Outlook for iOS and Android Deliver Potential Security Concerns
At a time when cyber-attacks are becoming more and more frequent, protecting your company’s information is of the utmost importance, which is why Eze Castle Integration is advising clients to hold-off on downloading Microsoft’s Outlook for IOS and Android.
In December 2014, Microsoft acquired tech company, Acompli, which was known for their mobile mail application. Now in 2015, Microsoft has rebranded the app as an Outlook application for IOS and Android phones. While the product has done well and has a following, many are wary of certain procedures and features that could compromise information moving forward.
How Does It Work?
The application uses ActiveSync (EAS), for the majority of users, and OWA, for advanced functionality. EAS grabs information from Exchange, which then is processed and pushed to the clients. However, each step of the process has potential complications. The platform includes email, calendar features, attachment integration with OneDrive, Dropbox, Google Drive, Box and iCloud, and customization.
To set up the application you must give your login information so the app can link to your account. It then stores this data, meaning your credentials are held somewhere in a cloud. The only exception being Gmail users, which requires OAuth authorization. Microsoft uses AWS IP to constantly monitor the account in order to notify you, the user.
However, they don’t ask your permission before storing your login information and don’t state where they are holding your credentials.
Trial users have reported that even after deleting the application, as soon as they uploaded the app again, information was being pushed to their mobile devices prior to re-entering login credentials. This presents a serious cybersecurity issue, as the location and magnitude of information being saved is unknown.
What Are They Storing and Where?
It appears they are storing login information as well as some personal data. For example, as stated in Acompli’s privacy and securities policy,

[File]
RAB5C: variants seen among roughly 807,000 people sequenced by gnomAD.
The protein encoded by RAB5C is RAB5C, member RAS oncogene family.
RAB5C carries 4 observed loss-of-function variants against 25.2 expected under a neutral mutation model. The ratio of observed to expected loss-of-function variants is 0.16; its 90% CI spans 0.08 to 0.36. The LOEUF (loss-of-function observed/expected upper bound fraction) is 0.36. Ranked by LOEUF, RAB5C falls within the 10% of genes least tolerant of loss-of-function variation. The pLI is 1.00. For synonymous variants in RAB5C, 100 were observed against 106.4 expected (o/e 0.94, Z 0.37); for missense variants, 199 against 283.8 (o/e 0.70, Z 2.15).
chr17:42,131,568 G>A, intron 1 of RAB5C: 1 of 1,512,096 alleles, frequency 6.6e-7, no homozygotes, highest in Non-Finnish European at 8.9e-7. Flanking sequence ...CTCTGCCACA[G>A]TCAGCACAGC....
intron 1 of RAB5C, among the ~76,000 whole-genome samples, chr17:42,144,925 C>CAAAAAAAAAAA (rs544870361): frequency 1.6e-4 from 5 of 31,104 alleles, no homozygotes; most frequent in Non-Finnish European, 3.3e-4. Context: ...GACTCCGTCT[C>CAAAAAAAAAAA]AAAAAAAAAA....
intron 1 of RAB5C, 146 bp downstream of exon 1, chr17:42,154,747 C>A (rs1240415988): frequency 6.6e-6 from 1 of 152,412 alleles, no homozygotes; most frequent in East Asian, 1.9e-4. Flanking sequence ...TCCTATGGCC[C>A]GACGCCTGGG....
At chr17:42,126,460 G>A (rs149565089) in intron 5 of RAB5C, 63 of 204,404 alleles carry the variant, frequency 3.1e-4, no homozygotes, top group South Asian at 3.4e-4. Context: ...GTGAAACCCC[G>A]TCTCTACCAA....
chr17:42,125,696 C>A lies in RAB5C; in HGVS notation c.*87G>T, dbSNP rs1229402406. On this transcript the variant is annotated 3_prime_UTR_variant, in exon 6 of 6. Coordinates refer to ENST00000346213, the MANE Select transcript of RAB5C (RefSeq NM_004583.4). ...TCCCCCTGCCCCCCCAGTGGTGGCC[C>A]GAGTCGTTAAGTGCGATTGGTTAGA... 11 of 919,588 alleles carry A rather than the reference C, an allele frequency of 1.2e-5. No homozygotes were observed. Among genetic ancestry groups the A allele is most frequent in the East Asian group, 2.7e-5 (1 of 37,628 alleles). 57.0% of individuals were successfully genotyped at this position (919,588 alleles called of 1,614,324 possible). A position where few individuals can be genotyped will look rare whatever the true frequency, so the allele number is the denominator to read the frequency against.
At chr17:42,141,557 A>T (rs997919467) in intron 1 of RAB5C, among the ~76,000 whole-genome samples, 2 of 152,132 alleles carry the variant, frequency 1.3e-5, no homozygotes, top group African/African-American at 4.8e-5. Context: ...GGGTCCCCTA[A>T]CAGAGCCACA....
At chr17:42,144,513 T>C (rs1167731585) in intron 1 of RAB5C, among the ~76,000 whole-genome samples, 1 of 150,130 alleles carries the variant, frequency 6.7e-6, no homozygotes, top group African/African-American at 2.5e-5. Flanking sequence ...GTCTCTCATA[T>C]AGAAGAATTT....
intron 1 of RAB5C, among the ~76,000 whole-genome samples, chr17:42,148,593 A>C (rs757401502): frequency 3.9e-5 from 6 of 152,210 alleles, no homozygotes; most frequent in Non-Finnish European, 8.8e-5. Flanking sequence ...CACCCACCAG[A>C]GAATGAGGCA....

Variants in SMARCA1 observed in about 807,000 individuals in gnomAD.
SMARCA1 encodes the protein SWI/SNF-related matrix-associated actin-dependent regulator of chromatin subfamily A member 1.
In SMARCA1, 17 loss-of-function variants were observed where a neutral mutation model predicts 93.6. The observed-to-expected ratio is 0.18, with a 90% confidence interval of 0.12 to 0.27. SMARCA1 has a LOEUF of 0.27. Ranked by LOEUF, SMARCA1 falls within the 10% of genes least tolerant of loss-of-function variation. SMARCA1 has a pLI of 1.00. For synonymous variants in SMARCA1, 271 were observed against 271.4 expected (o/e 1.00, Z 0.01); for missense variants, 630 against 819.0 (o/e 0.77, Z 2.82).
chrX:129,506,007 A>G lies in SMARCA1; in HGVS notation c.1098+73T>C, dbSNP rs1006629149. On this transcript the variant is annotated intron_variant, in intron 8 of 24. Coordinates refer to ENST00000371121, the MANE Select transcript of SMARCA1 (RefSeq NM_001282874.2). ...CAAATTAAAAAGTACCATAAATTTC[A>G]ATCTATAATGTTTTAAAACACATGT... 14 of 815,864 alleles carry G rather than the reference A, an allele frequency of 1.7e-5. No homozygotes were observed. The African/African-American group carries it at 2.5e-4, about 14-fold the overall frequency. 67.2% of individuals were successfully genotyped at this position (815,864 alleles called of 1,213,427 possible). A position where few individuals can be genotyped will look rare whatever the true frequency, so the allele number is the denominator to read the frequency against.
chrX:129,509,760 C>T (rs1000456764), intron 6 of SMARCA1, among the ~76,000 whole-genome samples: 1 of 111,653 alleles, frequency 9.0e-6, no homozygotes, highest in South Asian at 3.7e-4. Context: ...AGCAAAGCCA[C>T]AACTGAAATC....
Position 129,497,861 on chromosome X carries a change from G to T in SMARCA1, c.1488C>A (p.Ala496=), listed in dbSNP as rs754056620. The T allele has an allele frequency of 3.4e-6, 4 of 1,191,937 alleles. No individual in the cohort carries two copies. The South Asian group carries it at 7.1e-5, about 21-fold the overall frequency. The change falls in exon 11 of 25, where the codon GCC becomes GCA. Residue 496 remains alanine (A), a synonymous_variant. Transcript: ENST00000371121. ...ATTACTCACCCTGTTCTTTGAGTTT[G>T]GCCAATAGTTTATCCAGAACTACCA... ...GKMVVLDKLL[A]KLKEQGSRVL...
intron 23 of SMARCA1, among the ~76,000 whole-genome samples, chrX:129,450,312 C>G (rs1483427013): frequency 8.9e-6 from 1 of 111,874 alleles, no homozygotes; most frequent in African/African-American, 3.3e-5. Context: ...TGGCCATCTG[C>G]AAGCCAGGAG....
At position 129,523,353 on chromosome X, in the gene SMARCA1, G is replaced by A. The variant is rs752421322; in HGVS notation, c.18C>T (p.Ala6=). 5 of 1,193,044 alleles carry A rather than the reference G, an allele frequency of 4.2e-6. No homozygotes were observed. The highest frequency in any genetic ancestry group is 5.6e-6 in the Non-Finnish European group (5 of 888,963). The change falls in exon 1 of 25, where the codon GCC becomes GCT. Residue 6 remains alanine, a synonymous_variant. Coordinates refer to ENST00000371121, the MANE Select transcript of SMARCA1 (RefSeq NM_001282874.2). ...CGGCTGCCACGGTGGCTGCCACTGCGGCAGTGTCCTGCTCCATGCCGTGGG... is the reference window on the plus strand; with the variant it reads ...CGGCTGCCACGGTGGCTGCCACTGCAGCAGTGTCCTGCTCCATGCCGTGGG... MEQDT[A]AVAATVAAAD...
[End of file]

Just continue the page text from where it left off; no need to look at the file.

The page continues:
“Some user data are retained in Acompli system during the lifetime of a user account, always encrypted at rest. A user can choose to completely purse his/her account from the mobile app, in which case all user data will be wiped clean throughout the Acompli system, from both the mobile device and the server farm.”
This isn’t the only time private information that is held on outside servers. Their policy also states that,
”The service retrieves the calendar data and address book contacts associated with your email account and securely pushes those to the app on your device. Those messages, calendar events, and contacts, along with their associated media, may be temporarily stored and indexed securely both in our servers and locally on the app on your device.”
At this point, Microsoft has simply rebranded this product, meaning this is still the process that information goes through before it sits in your inbox. This again is a security issue for companies as they don’t know which information is being stored by Acompli.
In the exchange process, the data is stored on cloud servers in the United States before being pushed to your mailbox. For non-US users this has the potential to introduce data sovereignty and regulatory concerns.
Additional Reasons to Give Pause
A few other concerns:
Currently missing is the ability to enforce PIN locks at the device and application levels; wipe the device after maximum failed password attempts; and force activity time-out limits that require users to re-enter their PIN after a certain amount of time.
Built in connectors to OneDrive, Dropbox, and GoogleDrive potentially allow the easy sharing of confidential company files or access to malicious files. This is an added issue that could compromise information.
While some believe that the negative hype is just that, hype; it may be better security wise to wait and see what updates and changes Microsoft will make for the future before installing the application.